Theater / Film

Multi-Media Romp Through Antebellum South Results in ‘Them Beaux’

Posted By Christine Dolen
December 6, 2017 at 5:52 PM

Joshua Jean-Baptiste is an artist on the rise.

With friend Edson Jean, he won the Project Greenlight digital studio competition to develop #JOSH, a web series about a Haitian-American innocent who moves in with his promiscuous cousin in Miami.

Now Jean-Baptiste, through the theater group Lab 9, is debuting Them Beaux, his fresh take on George Farquhar’s 1707 late Restoration comedy The Beaux’ Stratagem.

Actually, the world premiere piece running through May 13 in Miami Theater Center’s SandBox season, a series supported by a Knight Arts Challenge grant, is more directly based on a long-gestating adaptation of Farquhar’s play. Three-time Pulitzer Prize winner Thornton Wilder began working on that script in 1939; his estate asked playwright Ken Ludwig to finish it in 2004, and that version premiered at the Shakespeare Theatre of Washington, D.C. in 2006.

As playwright and director, Jean-Baptiste has brought a multimedia approach to Them Beaux and shifted its action to the antebellum period. Its traveling con men Tom (Stephen Kaiser) and Jackie (Marquise Rogers) pretend to be master and slave, so that Tom can “sell” Jackie, pocket the profits then liberate his friend to move on to the next con. The wild, wily vibe is a little reminiscent of the relationship between Jamie Foxx and Christoph Waltz’s characters in Quentin Tarantino’s Django Unchained.

Jean-Baptiste combines live action with video, expanding the world (and the cast size) of Them Beaux. Some of the actors appear only in the silent movie-style video sequences, while the seven who perform the play at the SandBox are seen both live and on video. Many of the live scenes are cinematically short, requiring quick rearrangement of props and furniture, and the flow between scenes and video isn’t as tight as it could be (something that, presumably, will get better in subsequent performances).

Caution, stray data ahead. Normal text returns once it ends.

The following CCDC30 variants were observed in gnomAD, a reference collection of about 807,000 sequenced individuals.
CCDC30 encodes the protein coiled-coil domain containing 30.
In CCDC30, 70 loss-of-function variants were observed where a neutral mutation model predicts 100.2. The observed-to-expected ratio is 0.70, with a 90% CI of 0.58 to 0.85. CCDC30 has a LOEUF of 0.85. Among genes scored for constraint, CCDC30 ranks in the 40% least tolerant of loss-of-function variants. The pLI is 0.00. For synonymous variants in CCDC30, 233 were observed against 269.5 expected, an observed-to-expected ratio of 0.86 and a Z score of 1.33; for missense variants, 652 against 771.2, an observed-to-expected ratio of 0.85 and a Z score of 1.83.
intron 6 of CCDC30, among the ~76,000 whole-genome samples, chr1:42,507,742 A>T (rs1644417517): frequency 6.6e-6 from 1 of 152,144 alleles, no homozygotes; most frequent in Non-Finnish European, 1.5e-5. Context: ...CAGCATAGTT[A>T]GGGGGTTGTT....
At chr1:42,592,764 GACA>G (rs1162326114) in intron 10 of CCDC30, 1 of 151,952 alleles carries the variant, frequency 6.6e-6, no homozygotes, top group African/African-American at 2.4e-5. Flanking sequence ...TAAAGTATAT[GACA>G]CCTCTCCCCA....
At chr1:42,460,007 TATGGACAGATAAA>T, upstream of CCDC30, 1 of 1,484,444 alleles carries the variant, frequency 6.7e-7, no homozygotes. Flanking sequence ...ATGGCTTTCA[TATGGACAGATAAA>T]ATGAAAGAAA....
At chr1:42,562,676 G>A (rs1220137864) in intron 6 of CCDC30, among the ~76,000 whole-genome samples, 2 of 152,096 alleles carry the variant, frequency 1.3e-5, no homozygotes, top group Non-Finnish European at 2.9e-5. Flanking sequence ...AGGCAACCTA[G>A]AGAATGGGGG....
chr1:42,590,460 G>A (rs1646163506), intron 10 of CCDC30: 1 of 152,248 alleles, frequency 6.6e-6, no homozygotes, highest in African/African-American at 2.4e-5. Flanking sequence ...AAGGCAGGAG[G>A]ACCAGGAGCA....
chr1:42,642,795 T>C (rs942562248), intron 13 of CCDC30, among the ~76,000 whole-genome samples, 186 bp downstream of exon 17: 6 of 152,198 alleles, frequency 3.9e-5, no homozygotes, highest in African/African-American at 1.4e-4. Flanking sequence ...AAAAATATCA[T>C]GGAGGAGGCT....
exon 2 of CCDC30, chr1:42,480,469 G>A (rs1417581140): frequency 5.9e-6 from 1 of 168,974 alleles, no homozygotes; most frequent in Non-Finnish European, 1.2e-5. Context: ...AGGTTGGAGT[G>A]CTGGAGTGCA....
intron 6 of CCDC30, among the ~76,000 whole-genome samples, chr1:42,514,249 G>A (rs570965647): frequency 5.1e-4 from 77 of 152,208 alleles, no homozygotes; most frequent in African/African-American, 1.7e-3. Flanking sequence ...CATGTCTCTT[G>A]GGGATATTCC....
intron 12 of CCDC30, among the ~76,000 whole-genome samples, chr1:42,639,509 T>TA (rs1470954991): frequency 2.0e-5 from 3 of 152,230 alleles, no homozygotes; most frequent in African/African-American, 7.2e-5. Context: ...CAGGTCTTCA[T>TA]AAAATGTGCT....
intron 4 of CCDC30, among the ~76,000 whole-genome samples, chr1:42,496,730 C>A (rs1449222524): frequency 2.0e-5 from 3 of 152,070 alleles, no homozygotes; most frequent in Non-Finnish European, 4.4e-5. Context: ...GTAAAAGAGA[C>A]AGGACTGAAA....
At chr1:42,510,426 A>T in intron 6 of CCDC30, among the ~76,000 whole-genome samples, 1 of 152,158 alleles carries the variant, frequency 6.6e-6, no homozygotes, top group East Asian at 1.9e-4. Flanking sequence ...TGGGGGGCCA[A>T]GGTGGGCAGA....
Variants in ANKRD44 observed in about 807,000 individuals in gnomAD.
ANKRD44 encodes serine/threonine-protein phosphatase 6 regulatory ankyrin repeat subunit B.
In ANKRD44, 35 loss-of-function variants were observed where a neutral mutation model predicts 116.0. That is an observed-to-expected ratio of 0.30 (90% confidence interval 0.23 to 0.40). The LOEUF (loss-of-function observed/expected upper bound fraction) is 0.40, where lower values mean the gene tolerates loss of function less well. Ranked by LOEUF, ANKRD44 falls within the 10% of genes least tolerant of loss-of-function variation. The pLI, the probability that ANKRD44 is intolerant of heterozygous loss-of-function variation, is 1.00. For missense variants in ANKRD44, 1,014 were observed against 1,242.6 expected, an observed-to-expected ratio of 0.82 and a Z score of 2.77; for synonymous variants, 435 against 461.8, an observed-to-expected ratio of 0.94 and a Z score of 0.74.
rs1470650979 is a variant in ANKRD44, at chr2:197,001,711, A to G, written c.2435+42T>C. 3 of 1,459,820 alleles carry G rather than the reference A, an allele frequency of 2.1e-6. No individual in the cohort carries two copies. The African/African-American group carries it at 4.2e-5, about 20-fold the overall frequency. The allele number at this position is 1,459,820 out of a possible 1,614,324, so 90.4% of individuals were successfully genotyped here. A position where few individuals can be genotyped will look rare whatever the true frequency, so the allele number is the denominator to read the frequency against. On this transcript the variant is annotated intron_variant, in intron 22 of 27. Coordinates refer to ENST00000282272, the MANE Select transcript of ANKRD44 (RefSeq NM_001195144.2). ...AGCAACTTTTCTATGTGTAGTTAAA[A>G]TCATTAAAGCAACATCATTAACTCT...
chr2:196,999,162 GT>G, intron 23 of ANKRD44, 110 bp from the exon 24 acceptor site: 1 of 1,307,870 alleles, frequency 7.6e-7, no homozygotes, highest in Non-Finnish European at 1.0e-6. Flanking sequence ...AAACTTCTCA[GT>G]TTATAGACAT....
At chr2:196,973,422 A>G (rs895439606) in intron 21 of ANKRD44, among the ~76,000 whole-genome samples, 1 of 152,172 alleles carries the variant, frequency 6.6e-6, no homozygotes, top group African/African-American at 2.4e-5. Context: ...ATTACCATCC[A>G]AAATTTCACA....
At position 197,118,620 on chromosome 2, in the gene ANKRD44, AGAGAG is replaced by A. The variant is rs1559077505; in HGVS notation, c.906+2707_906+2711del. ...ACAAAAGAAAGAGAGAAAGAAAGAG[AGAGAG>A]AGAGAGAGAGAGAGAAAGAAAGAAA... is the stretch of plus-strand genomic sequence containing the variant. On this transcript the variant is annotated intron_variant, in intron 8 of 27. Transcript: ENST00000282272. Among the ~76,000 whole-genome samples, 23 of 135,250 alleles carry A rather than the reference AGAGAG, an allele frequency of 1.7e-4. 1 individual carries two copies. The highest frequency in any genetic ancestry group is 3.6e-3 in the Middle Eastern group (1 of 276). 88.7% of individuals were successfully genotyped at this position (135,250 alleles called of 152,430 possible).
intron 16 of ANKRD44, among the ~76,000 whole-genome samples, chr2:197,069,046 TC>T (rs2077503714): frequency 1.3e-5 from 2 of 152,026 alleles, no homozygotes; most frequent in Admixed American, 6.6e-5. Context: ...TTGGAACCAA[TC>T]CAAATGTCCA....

The tone of Them Beaux is rollicking, sometimes deliberately cringe-inducing (the “n” word is sprinkled throughout the piece) and thoroughly engaging.

Jackie and Tom hit upon a new con when they hear about a wedding week ritual in which suitors will compete for the hand of Kate (Casey Sacco), a southern belle who has inherited a fine house and substantial land. When her preferred intended is mysteriously murdered, the cruel overseer Percy (Andres Maldonado) moves to claim the woman and her wealth. But Jackie and Tom have other plans, and Kate finds herself clearly attracted to Jackie.

Also figuring into the plot are Gloss (Jovon Jacobs), a black part-time preacher entrusted with handling money and supervising others; Cherry (Chastity Hart), an attentive black woman who works as a maid, is good at gleaning important information and who takes a major liking to Tom; and Clive (Mike Engleman), the nasty white guy who “purchased” Jackie and insists on getting him back.

The acting in Them Beaux is uniformly good, and it’s tonally right for the play moment-to-moment (often farcical yet sometimes affectingly serious). Jean-Baptiste’s reinterpretation is provocative, particularly in the way Tom and Jackie deal with their problematic love interests. All in all, Jean-Baptiste’s latest is worth a look.

‘Them Beaux’ by Joshua Jean-Baptiste at the SandBox at Miami Theater Center, 9806 NE Second Ave., Miami Shores; at 8 p.m. Friday-Saturday, through May 13 (additional performance Thursday, 8 p.m. May 12). Tickets $25; 305-751-9950 or www.mtcmiami.org.

 

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